Between Two Kingdoms: A Memoir of a Life Interrupted – Suleika Jaouad

At age 22, Suleika is diagnosed with a rare form of leukemia. What follows are three years of brutal treatments: extensive chemotherapy, an experimental clinical trial, and a bone marrow transplant. The second half of this honest and insightful book details her “survival”, the transition back to the real world. Her coping strategy is to undertake a 15,000-mile road trip to visit those who sustained her when she was very ill. Cancer forces people to face mortality, and emotions are complicated and often conflicted because suffering makes you selfish. Suleika has to imagine a future that includes anger and fear; her writing is brutally honest and courageous. Thanks Sarah, for this recommendation.

The Map Of Lost Memories – Kim Fay

This excellent first novel is an exciting adventure story. Set in 1925, action takes place in Shanghai, Saigon, and various locations in Cambodia. A disparate group led by a woman, Irene Blum, search for a lost Khmer temple. This is Indiana Jones-style archeology, meaning the objective is temple looting. What elevates this adventure story are discussions about the moral issues of looting and removal of treasures from their home location, and the lingering effects of French colonialism in SE Asia. Descriptions of jungle travel (heat, insects, snakes …) are vivid. Thanks Joyce, for this recommendation.

They Called Us Enemy – George Takei, with Justin Eisinger, Steven Scott, and Harmony Becker

A graphic memoir of the Takei’s family incarceration into internment camps with other Japanese Americans from 1942-45. The stark black and white illustrations are particularly effective in showing the injustice of racism applied to innocent families. Indeed, the political rationale for these incarcerations is appalling. This racial injustice also happened in Canada, an important reminder of how mass hysteria can lead to overt racism. Thanks Rhoddy, for this gift.

Scarborough – Catherine Hernandez

Scarborough is a low-income culturally diverse suburb of Toronto. This novel graphically describes a troubled community struggling against poverty, racism, and urban blight, mainly through the experiences of children. Often sad but also hopeful, this is a powerful story. Thanks Steph, for this recommendation. Scarborough is a Canada Reads 2022 contender.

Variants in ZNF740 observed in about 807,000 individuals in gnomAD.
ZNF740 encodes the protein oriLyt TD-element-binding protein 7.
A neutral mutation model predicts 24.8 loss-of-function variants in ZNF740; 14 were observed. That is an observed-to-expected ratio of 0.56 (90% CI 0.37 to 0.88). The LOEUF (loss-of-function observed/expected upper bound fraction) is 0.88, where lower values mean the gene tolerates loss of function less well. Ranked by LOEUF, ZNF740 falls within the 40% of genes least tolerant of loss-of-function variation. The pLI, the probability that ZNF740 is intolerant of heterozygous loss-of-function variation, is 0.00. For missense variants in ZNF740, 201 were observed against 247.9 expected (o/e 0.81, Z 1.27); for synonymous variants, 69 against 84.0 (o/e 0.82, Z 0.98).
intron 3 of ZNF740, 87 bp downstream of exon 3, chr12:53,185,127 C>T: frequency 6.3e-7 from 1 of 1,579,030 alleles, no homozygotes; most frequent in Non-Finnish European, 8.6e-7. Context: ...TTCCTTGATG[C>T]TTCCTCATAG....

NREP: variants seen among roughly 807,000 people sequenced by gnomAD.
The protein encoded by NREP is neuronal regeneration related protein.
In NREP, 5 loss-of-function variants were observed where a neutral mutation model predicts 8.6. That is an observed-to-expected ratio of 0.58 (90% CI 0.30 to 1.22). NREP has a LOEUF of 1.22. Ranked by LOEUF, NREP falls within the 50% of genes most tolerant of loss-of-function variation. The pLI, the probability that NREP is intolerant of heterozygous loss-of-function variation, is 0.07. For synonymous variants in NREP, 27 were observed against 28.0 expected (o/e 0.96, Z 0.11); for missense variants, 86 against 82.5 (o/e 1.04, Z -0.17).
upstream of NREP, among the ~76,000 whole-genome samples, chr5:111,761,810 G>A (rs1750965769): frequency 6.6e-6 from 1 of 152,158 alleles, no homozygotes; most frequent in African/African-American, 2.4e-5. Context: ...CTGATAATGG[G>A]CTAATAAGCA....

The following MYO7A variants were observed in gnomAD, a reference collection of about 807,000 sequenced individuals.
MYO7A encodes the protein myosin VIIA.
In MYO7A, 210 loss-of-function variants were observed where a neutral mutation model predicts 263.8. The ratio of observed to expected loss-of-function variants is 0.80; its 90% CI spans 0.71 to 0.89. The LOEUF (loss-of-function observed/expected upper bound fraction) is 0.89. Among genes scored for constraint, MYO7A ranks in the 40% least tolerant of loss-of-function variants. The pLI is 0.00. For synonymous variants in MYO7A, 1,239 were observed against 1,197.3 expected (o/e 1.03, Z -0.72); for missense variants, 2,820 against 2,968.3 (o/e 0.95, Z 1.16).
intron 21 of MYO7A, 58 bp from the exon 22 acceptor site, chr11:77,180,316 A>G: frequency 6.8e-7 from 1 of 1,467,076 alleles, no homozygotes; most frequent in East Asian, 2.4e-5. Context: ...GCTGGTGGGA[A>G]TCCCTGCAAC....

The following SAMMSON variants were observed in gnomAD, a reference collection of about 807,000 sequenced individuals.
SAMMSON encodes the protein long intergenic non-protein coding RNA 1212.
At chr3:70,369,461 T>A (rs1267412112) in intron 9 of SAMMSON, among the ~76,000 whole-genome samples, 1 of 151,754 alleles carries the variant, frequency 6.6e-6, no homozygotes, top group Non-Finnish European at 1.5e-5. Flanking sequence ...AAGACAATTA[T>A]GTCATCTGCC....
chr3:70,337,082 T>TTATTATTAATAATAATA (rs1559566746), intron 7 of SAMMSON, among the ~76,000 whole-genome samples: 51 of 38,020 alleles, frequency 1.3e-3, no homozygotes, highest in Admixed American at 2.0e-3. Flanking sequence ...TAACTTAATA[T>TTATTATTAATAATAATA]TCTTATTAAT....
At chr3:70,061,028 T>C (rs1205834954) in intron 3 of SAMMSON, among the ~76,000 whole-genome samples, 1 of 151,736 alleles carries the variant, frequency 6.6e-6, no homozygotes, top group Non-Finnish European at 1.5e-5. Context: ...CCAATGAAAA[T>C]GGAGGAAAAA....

The Spectacular – Zoe Whittall

A “spectacular” new book from the author of the acclaimed The Best Kind Of People. This is a book about family relationships, mainly female relationships: erratic behaviour and complicated decisions. At its core, the issue between three generations of women is motherhood with emotions ranging (often) between elation and love, to paralyzing fear. Thanks Sarah, for this book which is highly recommended.

The Code Breaker – Walter Isaacson

This fabulous book makes me think I should read more non-fiction! First, an aside: the best acronyms are pronounceable. This book is about the discovery of CRISPR (clustered regularly interspersed short patronymic repeats, if you are interested), a powerful gene editing tool that may revolutionize biology. The book is meticulously researched with a lot of science, but it is also about scientists – what motivates them to pursue discoveries? The stark differences between collegial collaborations and cut-throat competition for prizes and patents is high-lighted. Finally, the ethics of gene editing is a major focus, specifically the divide between somatic editing to cure or prevent disease and germline (inheritable) editing which could be used to enhance traits like height or intelligence. This is a thoughtful and gripping book – highly recommended. Thanks Linda, for the gift of this book.

Long Bright River – Liz Moore

Mickey is a patrol officer with the Philadelphia Police Department. Her routine patrol activities include searching for her sister Kacey, an addict and sex worker who is missing.  And there is a serial killer preying on young women. Overall a gritty relationship story: there are no completely good guys. Mickey in particular is deeply flawed and makes bad decisions. The plot is seductively delicious with a lot of misdirection. Thanks Amy, for this recommendation.

The Thursday Murder Plot – Richard Osman

Four 70-80-year-old members of an upscale retirement village in SE England meet on Thursdays to discuss unsolved cold cases. The murder of a local developer suddenly affords the the opportunity to apply their talents to a “live” case. Their manipulation of the police to share information is sublime. The writing exhibits wit and intelligence, and the diabolical plot is riddled with red herrings. Thanks Joyce, for this recommendation.

Slow Horses – Mick Herron

When MI 5 intelligence agents screw up, they are banished to a London location known as Slough House, and the disgraced agents are referred to as “slow horses”.  The story is devilishly complex: everyone has ulterior motives, like a Le Carre story. And the Slough House leader”, Jackson Lamb, is a deliciously wicked man with gross personal habits. This is an excellent spy story with 6 more to follow. Thanks Joyce, for this recommendation.